Muswellbrook identity Ray Budden set to celebrate a century of incredible achievements

100 NOT OUT: Muswellbrook's Ray Budden with partner June Adnum ahead of his 100th birthday party.
100 NOT OUT: Muswellbrook's Ray Budden with partner June Adnum ahead of his 100th birthday party.

A WAR hero, an Olympic torchbearer and, most importantly, a loving husband and father, Ray Budden has led an incredible life.

He’s set to celebrate his 100th birthday this weekend surrounded by family, who like the rest of us can only marvel at all the achievements he’s compiled.

Muswellbrook born and bred, Mr Budden is still a vibrant and happy individual who is never short of a laugh.

Speaking to the Chronicle, the near-centenarian said he never expected to make it this far, but is taking it all in stride.

“It’s distressing in a way but I’m handling it alright, so far so good,” he laughed.

“It’s a long way away when it started but it’s getting very close now.”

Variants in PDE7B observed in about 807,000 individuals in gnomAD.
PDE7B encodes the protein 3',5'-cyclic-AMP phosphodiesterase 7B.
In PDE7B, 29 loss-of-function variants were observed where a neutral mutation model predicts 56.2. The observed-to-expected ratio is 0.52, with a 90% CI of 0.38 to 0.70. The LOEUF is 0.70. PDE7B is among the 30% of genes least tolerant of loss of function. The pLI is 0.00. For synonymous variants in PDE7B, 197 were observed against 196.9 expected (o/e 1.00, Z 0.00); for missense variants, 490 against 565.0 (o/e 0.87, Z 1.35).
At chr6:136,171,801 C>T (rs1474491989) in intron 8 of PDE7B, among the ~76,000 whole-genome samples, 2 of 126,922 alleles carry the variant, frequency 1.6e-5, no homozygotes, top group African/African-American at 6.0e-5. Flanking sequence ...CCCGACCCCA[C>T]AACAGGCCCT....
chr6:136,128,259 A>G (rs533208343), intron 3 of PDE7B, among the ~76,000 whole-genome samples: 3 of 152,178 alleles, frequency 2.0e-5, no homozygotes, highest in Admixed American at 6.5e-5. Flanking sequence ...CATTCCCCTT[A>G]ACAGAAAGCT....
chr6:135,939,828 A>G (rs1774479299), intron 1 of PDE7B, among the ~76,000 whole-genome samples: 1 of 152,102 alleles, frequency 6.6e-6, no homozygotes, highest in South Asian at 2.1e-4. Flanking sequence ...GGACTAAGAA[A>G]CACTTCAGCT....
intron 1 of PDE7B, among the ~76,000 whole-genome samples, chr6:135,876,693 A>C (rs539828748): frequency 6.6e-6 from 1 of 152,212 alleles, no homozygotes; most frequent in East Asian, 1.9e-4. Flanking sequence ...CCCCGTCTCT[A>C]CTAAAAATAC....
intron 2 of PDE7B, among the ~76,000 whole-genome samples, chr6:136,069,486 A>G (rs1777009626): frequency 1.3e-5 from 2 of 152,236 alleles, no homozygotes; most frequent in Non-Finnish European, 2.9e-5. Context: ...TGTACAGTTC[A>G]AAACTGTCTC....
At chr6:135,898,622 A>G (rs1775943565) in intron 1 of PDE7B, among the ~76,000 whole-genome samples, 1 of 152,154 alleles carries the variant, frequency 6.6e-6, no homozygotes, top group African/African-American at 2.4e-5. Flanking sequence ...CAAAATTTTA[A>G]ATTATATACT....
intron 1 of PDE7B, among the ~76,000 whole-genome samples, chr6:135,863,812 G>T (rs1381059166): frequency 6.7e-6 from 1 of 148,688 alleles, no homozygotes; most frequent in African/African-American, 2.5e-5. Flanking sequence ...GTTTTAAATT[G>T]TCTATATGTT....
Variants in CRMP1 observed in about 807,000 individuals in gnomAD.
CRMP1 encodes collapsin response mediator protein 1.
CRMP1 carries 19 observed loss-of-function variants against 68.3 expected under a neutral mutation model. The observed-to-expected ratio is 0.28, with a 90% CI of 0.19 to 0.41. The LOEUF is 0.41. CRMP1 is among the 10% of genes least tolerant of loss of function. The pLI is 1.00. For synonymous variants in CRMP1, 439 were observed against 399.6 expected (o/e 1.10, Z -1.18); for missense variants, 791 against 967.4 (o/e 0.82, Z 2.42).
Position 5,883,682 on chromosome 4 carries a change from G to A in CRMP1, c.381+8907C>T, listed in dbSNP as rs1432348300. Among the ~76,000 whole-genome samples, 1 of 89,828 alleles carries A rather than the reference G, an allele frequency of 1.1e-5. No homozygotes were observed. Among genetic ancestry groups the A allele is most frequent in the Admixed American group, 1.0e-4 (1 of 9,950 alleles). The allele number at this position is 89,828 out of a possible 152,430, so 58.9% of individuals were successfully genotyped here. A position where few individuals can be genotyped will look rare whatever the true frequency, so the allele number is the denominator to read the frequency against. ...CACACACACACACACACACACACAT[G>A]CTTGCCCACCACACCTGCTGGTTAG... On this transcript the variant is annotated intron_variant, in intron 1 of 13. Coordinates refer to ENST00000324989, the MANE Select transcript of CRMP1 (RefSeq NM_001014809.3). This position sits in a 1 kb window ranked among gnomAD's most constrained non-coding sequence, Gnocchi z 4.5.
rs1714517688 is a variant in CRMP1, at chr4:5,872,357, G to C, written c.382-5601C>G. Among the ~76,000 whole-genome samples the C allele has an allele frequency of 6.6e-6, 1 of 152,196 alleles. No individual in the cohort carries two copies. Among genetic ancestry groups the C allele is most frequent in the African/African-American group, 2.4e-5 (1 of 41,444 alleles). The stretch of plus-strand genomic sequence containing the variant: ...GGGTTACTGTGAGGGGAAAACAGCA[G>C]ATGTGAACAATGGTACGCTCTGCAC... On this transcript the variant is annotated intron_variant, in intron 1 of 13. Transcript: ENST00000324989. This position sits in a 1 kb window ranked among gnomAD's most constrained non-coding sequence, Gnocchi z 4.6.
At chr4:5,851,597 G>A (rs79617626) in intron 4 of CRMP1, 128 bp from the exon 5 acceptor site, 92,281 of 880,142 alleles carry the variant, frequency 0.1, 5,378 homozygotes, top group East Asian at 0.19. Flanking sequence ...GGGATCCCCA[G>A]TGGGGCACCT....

He said that while making to 100 is never something he thought about, and he didn’t have a secret to living longer than most, he knew he was a chance given his mother’s effort, as she reached 101.

The family genes have been spread far and wide since he was young, with Mr Budden now having children, grandchildren, great grandchildren and, as of last year great, great grandchildren.

He’s used to large families though, with the 41 descendants paling in comparison to his first cousins, of which he had more than 70.

Mr Budden added there had been many great moments in his life, but one of the best was his role in the 2000 Sydney Olympics.

“Carrying the torch [was my favourite], apart from family happenings,” he said.

“All sorts of good things happen throughout your life but carrying the torch was a very rewarding thing.”

While many people yearn for the past, Mr Budden is more than satisfied to be living in the present, especially after having fought in WWII.

“Four years I served, a bit over four years, so I was lucky I came back and that was the good part,” he said.

“My sister used to say ‘we should go back to the good old days’, and I said there’s only one good thing about the old days — they’ve gone.”

Still keen for a laugh and a chat, he will inevitably enjoy his birthday on the weekend, where a significant turnout is expected for one of the town’s greatest identities.